Use + Remix

Clinical trials of an mRNA vaccine have begun and researchers expect broadly positive outcomes in the battle against the widespread illness.

mRNA vaccines have emerged as a potent tool in combating influenza and other infectious diseases. : Image by CDC available at Unsplash License mRNA vaccines have emerged as a potent tool in combating influenza and other infectious diseases. : Image by CDC available at Unsplash License

Clinical trials of an mRNA vaccine have begun and researchers expect broadly positive outcomes in the battle against the widespread illness.

Influenza kills up to 650,000 people around the world each year.

Ninety-nine percent of deaths in children under five years of age in developing countries are due to influenza-related infections, according to the World Health Organization.

The current crop of influenza vaccines has limitations in effectively combating the billion cases of seasonal influenza each year as they provide immunity against only one specific existing strain or mutation. The propensity of flu viruses to mutate into new strains means vaccines must be continuously monitored and reformulated each year.

But a universal influenza vaccine, using mRNA technology — which was used with success during the COVID pandemic —  has the potential to provide broader and longer-lasting immunity against diverse influenza strains.

The technology allows for rapid development and deployment and offers versatility in targeting multiple regions of the influenza virus.

New or mutated influenza variants are always a threat, particularly those originating from animal sources. Pandemics such as the Spanish flu of 1918, which killed 50 million people, and recent outbreaks of the avian influenza (“bird flu”) viruses underscore the persistent threat posed by influenza.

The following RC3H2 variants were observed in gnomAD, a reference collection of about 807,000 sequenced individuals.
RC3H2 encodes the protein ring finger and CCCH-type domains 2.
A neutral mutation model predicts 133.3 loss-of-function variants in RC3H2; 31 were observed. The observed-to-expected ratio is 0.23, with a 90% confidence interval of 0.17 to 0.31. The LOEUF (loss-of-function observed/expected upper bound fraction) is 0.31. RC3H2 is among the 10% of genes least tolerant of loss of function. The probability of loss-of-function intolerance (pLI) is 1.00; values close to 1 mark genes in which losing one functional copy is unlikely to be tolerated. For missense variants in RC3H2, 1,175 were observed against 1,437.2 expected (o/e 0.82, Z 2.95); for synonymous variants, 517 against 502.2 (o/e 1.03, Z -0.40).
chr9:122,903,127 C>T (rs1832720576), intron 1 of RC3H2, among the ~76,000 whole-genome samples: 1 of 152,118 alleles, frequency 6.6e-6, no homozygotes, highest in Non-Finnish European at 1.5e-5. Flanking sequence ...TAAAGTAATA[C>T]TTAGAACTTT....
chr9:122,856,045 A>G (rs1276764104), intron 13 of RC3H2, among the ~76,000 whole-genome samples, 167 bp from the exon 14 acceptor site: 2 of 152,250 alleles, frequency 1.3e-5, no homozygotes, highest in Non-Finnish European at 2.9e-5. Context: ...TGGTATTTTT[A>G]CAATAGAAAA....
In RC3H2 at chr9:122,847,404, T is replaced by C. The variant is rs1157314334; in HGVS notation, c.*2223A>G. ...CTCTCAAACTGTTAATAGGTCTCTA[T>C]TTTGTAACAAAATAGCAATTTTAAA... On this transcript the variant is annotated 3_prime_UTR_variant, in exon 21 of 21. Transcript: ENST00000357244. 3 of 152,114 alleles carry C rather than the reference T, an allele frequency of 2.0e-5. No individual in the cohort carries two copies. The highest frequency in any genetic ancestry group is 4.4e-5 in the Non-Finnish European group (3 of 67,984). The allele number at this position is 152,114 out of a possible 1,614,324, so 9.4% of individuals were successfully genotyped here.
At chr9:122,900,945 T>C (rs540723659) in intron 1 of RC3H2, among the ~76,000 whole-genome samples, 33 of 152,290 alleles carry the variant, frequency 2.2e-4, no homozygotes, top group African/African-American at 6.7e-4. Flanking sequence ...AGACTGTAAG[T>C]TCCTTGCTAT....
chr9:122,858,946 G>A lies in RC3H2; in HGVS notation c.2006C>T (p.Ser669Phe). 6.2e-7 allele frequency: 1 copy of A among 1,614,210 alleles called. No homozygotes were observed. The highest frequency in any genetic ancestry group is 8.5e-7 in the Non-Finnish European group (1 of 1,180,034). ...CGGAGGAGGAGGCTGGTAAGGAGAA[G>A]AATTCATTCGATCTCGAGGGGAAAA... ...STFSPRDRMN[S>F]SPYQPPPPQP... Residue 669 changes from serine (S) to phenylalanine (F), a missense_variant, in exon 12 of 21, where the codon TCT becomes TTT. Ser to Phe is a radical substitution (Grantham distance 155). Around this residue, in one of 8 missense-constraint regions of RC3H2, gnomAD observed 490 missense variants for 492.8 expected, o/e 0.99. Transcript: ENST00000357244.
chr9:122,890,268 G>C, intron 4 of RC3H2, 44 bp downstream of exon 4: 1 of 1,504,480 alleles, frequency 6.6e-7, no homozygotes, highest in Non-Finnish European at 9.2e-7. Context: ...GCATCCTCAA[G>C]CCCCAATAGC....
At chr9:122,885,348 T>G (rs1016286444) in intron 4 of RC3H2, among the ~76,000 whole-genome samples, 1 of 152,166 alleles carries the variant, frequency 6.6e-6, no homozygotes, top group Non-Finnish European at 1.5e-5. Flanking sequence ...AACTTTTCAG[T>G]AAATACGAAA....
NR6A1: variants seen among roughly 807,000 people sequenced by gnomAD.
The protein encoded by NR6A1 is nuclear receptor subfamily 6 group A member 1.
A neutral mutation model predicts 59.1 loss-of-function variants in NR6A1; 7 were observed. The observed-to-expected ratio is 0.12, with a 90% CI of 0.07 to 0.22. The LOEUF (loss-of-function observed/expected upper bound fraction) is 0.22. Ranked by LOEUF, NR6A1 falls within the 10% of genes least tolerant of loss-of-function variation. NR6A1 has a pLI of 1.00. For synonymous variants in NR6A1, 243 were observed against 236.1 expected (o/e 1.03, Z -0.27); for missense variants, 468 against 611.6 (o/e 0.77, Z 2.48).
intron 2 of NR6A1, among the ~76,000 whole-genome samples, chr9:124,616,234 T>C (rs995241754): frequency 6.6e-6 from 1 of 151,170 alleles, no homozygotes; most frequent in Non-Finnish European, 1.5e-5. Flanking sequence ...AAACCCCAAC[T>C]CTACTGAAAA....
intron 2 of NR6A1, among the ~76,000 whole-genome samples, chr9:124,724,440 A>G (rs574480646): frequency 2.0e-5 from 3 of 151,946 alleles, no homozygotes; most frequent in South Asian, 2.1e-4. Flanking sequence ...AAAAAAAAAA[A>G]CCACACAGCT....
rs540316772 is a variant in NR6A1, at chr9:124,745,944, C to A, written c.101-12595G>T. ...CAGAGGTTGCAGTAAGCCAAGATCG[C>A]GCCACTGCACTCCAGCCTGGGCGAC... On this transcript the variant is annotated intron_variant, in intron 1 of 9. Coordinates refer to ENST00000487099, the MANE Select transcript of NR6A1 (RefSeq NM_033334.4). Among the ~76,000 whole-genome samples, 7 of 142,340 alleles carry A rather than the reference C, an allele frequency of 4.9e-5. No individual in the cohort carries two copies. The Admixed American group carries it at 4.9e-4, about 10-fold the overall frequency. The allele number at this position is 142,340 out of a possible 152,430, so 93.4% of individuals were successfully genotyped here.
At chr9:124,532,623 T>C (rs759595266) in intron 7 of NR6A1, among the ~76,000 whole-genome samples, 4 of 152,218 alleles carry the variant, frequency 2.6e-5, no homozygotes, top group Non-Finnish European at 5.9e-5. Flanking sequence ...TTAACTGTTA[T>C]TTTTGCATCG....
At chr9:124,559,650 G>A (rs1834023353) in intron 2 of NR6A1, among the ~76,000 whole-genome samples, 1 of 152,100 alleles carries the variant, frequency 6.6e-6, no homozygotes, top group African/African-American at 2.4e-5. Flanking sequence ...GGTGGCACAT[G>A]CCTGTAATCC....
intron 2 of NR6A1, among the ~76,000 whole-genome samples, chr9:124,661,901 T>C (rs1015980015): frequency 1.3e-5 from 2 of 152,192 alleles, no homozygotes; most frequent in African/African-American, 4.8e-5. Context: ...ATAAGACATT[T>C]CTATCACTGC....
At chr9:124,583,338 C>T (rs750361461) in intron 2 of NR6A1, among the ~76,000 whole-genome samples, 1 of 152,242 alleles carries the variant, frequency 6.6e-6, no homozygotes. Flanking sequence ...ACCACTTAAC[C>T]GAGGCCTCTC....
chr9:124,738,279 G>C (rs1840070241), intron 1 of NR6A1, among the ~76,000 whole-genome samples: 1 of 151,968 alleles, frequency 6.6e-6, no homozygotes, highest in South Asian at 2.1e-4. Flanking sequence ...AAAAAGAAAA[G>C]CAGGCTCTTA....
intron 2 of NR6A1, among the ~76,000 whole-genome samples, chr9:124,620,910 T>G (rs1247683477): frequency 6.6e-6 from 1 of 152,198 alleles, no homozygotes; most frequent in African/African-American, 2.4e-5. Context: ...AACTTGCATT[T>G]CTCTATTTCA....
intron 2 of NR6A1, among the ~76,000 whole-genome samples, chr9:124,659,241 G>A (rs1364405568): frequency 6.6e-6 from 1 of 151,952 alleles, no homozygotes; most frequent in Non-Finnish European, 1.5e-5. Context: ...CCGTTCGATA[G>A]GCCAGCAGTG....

It also underscores the urgent need for a universal influenza vaccine capable of safeguarding against all subtypes of the virus.

In recent years, lipid nanoparticle (LNP)-encapsulated nucleoside-modified mRNA (‘mRNA-LNP’) vaccines have emerged as a potent tool in combating influenza and other infectious diseases.

These vaccines use mRNA created in a laboratory to teach our cells how to make a protein — or even just a piece of a protein — that triggers an immune response inside our bodies.

The limited efficacy of current vaccines can be attributed to their focus on only generating strain-specific antibodies against the influenza virus hemagglutinin (HA). This is a protein within the virus which causes infection.

To broaden protective immunity, novel vaccine strategies aim to elicit responses against more proteins (fragments of a virus). One promising avenue involves triggering T-cell responses. T-cells are a type of white blood cell and are part of the body’s immune system.

T-cell-mediated immunity not only eliminates infected cells but also correlates with improved outcomes in individuals affected by influenza. Animal studies have demonstrated the protective role of T-cells against various influenza virus strains.

These vaccines, exemplified by the successful development and global deployment of mRNA-LNP-based COVID-19 vaccines, elicit robust T-cell and antibody responses.  These vaccines also offer the advantage of rapid production and adaptation to target emerging viral variants.

While several mRNA-LNP influenza vaccines are in development, most prioritise stimulating antibody responses and under-exploit the potential of T-cell immunity.

How the vaccines can work